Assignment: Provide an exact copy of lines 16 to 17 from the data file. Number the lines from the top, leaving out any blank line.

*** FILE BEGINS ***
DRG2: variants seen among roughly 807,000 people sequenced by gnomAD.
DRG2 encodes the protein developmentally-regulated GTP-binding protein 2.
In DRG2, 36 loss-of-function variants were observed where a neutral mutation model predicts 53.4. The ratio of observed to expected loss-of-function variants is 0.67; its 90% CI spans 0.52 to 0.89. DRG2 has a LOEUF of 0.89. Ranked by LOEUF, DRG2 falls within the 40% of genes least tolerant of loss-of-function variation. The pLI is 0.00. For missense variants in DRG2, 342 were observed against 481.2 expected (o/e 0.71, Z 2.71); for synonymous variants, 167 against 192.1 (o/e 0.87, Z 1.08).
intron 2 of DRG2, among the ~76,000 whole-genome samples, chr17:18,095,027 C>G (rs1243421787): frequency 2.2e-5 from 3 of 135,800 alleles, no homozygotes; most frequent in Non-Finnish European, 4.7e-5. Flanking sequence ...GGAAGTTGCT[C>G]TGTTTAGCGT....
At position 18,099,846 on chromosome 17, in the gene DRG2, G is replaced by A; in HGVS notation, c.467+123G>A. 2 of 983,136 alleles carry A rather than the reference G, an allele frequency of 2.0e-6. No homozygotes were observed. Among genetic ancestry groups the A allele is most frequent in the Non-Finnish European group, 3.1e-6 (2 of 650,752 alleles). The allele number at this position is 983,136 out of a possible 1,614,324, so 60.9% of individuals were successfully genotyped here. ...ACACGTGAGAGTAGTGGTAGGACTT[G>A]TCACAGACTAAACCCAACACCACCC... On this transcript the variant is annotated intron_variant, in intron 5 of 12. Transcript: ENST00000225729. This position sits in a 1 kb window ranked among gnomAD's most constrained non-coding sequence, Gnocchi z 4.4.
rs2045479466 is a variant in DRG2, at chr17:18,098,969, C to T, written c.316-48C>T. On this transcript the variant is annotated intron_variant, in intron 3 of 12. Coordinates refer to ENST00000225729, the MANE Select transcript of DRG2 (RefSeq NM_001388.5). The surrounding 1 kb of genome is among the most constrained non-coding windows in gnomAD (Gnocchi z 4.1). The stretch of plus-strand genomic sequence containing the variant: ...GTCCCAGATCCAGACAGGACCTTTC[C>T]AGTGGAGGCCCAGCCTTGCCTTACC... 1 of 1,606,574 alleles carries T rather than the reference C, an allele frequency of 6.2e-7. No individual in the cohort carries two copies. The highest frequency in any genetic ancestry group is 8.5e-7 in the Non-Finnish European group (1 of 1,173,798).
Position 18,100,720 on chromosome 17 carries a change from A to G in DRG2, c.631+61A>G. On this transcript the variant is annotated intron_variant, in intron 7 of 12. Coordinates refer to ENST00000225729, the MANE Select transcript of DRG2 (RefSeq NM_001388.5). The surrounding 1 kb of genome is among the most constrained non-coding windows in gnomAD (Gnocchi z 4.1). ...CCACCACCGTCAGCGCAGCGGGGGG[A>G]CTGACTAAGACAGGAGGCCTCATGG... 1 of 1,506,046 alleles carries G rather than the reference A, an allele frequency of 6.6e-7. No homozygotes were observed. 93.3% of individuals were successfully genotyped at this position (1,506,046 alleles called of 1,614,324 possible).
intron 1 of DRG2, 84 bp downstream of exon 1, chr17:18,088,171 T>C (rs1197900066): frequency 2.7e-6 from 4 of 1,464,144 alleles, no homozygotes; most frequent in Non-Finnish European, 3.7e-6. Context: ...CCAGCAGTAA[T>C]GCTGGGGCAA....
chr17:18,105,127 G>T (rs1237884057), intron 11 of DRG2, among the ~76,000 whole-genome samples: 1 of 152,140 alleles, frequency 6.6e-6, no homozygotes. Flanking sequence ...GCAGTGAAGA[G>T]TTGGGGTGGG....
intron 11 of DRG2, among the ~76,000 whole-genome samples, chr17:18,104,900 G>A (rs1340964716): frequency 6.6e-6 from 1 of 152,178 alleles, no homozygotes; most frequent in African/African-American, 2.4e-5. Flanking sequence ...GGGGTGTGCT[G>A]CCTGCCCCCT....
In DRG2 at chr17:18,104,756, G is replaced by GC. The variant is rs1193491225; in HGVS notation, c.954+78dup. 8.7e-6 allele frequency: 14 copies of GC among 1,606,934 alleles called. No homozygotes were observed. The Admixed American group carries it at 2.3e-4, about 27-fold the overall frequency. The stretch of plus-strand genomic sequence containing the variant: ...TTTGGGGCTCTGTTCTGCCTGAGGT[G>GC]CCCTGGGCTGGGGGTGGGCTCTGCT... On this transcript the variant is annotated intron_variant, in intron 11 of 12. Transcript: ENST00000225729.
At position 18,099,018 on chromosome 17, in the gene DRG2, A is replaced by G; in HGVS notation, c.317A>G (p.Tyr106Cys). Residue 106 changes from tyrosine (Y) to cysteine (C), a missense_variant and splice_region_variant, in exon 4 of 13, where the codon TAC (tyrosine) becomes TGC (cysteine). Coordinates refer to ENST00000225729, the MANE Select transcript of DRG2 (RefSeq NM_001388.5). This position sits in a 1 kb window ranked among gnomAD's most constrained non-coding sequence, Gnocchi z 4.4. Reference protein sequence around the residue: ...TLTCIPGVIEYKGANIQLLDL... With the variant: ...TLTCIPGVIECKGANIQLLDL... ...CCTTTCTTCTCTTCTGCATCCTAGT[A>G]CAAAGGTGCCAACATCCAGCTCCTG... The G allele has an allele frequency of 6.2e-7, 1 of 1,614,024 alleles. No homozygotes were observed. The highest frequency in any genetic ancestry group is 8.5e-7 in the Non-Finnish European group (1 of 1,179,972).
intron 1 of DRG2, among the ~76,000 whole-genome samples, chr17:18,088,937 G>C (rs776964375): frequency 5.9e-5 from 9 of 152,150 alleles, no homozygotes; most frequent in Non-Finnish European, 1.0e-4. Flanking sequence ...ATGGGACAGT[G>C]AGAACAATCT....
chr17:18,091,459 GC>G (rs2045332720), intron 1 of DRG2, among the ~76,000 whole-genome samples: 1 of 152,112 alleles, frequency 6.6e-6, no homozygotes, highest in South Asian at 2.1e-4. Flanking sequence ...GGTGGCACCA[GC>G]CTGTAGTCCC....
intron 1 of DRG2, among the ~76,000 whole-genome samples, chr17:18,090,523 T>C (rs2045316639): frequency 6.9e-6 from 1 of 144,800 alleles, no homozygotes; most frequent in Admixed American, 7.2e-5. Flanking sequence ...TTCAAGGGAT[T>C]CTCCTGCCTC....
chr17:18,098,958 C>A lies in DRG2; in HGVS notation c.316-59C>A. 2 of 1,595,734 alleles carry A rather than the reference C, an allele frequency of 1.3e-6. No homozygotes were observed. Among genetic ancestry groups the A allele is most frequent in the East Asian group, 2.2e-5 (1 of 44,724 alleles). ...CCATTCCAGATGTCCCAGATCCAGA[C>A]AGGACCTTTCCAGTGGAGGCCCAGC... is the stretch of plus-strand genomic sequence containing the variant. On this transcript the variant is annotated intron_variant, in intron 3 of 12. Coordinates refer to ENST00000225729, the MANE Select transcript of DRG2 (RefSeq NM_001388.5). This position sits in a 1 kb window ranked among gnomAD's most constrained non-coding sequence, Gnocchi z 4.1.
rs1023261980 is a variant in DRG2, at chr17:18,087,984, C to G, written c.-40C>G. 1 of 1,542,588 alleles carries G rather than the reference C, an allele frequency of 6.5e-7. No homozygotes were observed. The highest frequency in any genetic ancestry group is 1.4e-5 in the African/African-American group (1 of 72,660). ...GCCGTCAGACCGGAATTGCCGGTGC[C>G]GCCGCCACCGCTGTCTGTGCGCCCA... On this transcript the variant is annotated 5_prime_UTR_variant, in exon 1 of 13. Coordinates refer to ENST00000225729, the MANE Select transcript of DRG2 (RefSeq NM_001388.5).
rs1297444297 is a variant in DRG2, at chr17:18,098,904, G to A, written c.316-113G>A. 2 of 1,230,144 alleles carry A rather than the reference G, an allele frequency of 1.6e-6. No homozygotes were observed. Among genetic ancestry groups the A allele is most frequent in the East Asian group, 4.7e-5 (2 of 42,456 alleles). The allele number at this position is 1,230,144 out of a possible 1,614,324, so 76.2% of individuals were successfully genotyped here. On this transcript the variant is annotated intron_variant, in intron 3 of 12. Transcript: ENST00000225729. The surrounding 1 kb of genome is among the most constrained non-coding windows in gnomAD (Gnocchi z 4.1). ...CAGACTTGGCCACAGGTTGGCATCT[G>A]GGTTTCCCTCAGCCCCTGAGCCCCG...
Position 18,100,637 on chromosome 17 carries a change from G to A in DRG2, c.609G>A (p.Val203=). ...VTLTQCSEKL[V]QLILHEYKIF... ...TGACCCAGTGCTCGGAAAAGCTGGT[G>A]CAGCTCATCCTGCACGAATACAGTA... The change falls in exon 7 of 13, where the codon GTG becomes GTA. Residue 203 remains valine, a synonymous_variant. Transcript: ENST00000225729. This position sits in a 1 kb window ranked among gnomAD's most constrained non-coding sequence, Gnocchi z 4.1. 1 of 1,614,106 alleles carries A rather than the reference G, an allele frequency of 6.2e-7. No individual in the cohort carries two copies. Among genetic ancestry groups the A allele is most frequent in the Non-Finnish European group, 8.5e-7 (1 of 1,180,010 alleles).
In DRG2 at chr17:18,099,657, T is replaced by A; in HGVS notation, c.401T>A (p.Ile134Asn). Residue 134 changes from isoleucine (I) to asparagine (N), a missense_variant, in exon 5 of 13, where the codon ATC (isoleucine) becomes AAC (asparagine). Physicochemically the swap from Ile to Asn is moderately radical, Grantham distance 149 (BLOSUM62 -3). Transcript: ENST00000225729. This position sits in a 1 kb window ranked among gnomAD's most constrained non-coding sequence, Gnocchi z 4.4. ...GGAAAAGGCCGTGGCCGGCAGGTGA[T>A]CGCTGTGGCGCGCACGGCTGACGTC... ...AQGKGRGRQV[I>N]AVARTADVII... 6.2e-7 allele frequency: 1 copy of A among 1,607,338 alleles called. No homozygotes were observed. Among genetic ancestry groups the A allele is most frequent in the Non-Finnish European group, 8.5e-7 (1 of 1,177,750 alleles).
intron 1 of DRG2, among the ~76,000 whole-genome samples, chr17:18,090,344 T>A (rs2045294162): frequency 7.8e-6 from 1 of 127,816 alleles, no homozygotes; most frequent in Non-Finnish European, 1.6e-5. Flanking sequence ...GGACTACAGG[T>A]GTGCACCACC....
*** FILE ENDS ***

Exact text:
chr17:18,098,958 C>A lies in DRG2; in HGVS notation c.316-59C>A. 2 of 1,595,734 alleles carry A rather than the reference C, an allele frequency of 1.3e-6. No homozygotes were observed. Among genetic ancestry groups the A allele is most frequent in the East Asian group, 2.2e-5 (1 of 44,724 alleles). ...CCATTCCAGATGTCCCAGATCCAGA[C>A]AGGACCTTTCCAGTGGAGGCCCAGC... is the stretch of plus-strand genomic sequence containing the variant. On this transcript the variant is annotated intron_variant, in intron 3 of 12. Coordinates refer to ENST00000225729, the MANE Select transcript of DRG2 (RefSeq NM_001388.5). This position sits in a 1 kb window ranked among gnomAD's most constrained non-coding sequence, Gnocchi z 4.1.
rs1023261980 is a variant in DRG2, at chr17:18,087,984, C to G, written c.-40C>G. 1 of 1,542,588 alleles carries G rather than the reference C, an allele frequency of 6.5e-7. No homozygotes were observed. The highest frequency in any genetic ancestry group is 1.4e-5 in the African/African-American group (1 of 72,660). ...GCCGTCAGACCGGAATTGCCGGTGC[C>G]GCCGCCACCGCTGTCTGTGCGCCCA... On this transcript the variant is annotated 5_prime_UTR_variant, in exon 1 of 13. Coordinates refer to ENST00000225729, the MANE Select transcript of DRG2 (RefSeq NM_001388.5).